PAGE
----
A spillway at the Washakie Dam on the Wind River Reservation in Wyoming. Photo by Neil St Clair via Facebook
The Bureau of Indian Affairs is refusing to fully endorse a bill that would inject significant resources into dam maintenance even though a top official admitted to making little to no progress on the matter. Sen. John Barrasso (R-Wyoming), the chairman of the Senate Committee on Indian Affairs, introduced S.2717, the Dam Repairs and Improvements for Tribes Act (DRIFT ACT), on March 17. The bill authorizes a total of $655 million over 20 years to address a $500 million backlog in maintenance at dams across Indian Country. "The threat to public safety in and around Indian Country is a serious concern," Barrasso said at a hearing on Wednesday. "It is critical that we make these necessary changes to ensure that tribes and surrounding communities are protected." But while Mike Black, the director of the BIA, said the Obama administration supports the "intent" of the measure, he questioned the need to create a special set of funds to fix and improve the dams. He instead argued that the BIA's Safety of Dams Program should be allowed to determine how to resolve the backlog within existing funding restraints.
Indianz.Com SoundCloud: Senate Committee on Indian Affairs Hearing April 13, 2016
According to Black, the BIA's fiscal year 2017 budget request includes about $23 million for the program, an increase of $2 million above current levels. Of that amount, only $10 million to $12 million goes to rehabilitation. "And that would be adequate to address the problem?" asked Sen. Jon Tester (D-Montana), the vice chairman of the committee, when Black tried to defend the request. "No. Honestly it wouldn't," Black responded. 'With a $500 million backlog in deficiencies, it would take half of my budget, basically, to really begin to address this issue," Black acknowledged. The dam maintenance backlog indeed is just one of many facing the BIA. The so-called Bronner report from 2012 estimated it could cost nearly $3 billion just to fix problems at the "highest risk" facilities within the Bureau of Indian Education. The agency's school replacement program only got back on track last year after more than a decade of inaction amid long-standing concerns about unsafe schools.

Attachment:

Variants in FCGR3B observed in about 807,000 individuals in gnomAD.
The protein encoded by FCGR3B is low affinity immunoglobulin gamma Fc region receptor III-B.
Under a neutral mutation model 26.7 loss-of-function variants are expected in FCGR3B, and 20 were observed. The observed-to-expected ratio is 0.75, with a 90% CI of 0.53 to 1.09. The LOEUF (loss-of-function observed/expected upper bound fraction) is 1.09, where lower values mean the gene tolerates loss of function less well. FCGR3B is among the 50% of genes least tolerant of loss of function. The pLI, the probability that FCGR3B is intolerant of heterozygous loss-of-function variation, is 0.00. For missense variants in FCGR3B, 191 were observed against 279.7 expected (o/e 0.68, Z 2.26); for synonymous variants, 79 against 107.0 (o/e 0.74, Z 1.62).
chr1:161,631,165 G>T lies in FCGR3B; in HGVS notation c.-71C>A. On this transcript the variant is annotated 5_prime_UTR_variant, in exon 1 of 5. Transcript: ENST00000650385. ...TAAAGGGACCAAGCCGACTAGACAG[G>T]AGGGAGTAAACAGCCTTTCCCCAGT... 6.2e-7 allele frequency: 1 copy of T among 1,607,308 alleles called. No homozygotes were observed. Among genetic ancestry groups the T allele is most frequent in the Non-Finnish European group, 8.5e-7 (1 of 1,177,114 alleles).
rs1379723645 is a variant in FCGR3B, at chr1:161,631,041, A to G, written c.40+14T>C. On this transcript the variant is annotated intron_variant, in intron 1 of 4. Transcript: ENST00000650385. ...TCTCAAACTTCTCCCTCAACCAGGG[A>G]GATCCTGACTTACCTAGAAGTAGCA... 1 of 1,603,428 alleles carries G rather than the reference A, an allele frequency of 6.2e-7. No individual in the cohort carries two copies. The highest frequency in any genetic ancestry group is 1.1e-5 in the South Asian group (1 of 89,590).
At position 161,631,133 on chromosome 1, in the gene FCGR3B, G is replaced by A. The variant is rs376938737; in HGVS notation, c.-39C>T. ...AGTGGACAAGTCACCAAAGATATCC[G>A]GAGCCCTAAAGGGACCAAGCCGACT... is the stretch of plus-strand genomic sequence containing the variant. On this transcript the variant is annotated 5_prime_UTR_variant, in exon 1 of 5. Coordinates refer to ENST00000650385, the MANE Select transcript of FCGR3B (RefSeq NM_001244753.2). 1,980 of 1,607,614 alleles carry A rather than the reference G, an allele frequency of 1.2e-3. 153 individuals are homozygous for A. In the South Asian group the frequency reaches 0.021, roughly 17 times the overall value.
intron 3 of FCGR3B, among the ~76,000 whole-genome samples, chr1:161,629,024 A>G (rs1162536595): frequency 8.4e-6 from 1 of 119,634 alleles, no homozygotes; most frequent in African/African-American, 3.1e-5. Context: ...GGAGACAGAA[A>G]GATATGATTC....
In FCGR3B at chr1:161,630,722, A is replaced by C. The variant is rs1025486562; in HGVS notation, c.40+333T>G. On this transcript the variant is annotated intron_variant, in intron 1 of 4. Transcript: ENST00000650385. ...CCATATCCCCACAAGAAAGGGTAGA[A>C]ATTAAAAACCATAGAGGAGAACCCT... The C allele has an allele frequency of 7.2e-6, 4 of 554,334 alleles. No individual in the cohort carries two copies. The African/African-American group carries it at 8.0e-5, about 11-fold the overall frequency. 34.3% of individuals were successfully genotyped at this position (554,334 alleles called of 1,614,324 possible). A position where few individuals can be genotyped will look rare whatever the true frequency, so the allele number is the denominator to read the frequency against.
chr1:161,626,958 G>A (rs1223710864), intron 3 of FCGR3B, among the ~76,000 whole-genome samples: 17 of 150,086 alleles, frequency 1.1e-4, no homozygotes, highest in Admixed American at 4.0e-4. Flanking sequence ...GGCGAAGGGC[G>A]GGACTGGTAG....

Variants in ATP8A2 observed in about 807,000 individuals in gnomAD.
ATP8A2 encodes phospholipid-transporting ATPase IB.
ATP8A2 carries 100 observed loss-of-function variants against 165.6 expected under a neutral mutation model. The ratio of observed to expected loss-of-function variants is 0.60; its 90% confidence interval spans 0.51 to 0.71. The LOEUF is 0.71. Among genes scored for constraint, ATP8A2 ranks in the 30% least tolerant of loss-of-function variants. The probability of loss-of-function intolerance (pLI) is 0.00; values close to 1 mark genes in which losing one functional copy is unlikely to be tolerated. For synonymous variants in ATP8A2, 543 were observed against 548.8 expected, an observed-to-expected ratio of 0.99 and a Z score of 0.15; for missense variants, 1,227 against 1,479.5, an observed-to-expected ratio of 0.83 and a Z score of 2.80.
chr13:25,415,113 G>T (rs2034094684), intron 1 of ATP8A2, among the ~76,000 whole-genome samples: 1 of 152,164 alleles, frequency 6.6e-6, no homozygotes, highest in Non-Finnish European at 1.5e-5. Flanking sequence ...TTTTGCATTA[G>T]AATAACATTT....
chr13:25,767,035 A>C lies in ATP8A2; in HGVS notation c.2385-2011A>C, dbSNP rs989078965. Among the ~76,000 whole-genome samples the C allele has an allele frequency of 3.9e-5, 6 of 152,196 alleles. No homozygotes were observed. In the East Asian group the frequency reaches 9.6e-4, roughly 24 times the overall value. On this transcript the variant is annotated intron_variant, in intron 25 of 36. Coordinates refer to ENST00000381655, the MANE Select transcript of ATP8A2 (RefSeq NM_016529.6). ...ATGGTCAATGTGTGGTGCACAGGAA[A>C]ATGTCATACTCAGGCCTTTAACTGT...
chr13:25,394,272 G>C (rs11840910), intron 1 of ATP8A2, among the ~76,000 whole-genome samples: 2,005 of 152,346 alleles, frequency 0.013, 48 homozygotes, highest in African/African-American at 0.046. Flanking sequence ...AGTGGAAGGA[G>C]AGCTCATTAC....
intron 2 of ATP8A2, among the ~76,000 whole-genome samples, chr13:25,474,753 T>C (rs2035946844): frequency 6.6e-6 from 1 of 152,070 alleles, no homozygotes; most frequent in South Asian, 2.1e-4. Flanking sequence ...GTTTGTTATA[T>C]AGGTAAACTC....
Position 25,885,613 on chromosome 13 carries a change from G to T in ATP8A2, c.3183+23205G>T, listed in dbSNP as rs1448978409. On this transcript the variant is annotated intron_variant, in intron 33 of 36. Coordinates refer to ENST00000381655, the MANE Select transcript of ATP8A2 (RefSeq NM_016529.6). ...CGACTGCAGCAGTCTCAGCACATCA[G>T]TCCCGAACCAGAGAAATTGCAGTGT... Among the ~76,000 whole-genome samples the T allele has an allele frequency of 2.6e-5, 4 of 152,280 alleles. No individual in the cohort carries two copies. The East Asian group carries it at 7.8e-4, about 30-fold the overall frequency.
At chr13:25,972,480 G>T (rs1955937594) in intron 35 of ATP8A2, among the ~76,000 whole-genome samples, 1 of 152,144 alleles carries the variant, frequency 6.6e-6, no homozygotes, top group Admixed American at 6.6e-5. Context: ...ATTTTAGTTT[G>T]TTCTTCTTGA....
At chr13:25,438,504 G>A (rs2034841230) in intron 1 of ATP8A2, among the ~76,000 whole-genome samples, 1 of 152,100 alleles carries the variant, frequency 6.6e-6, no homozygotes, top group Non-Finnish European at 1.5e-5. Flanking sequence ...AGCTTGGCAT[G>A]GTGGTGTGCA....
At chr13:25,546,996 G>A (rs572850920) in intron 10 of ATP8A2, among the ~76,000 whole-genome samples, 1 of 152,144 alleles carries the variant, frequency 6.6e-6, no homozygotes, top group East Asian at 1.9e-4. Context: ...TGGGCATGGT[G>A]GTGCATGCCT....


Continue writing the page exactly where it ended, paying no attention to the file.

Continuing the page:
An outlet flow at Cochiti Dam at Cochiti Pueblo in New Mexico. Photo by Joe Pfeifer via Facebook
Barrasso points out that aging dams pose another safety risk. Two of the "high-hazard" dams -- the BIA admits to at least 137 in that condition -- are located on the Wind River Reservation, home to the Eastern Shoshone Tribe and the Northern Arapaho Tribe, in his state. More than 700 other dams are considered "low-hazard" or haven't been fully inspected to make an adequate assessment. The problem will only keep growing -- Black's testimony said the deferred maintenance costs rise by 6 percent every year. "Everything we do, a majority of what we do, is underfunded," Black told the committee. Barrasso's bill is the first major attempt to address dams in Indian Country since Congress passed the Indian Dams Safety Act in 1994. That law came after the Government Accountability Office reported in 1992 that the BIA has failed to identify or resolve deficiencies in a timely manner. “We need to move this legislation as expeditiously as possible and get it signed into law," Barrasso said. On average, he said dams in Indian Country are 70 to 80 years old. The DRIFT Act authorizes a High-Hazard Indian Dam Safety Deferred Maintenance Fund that would receive $22.75 million a year from fiscal years 2017 through 2037. Another $10 million a year would be set aside for a Low-Hazard Indian Dam Safety Deferred Maintenance Fund. The two funds would be established at the Treasury Department. The bill requires the money to be transferred to the BIA. Committee Notice:
Legislative Hearing to receive testimony on the following bills (April 13, 2016)
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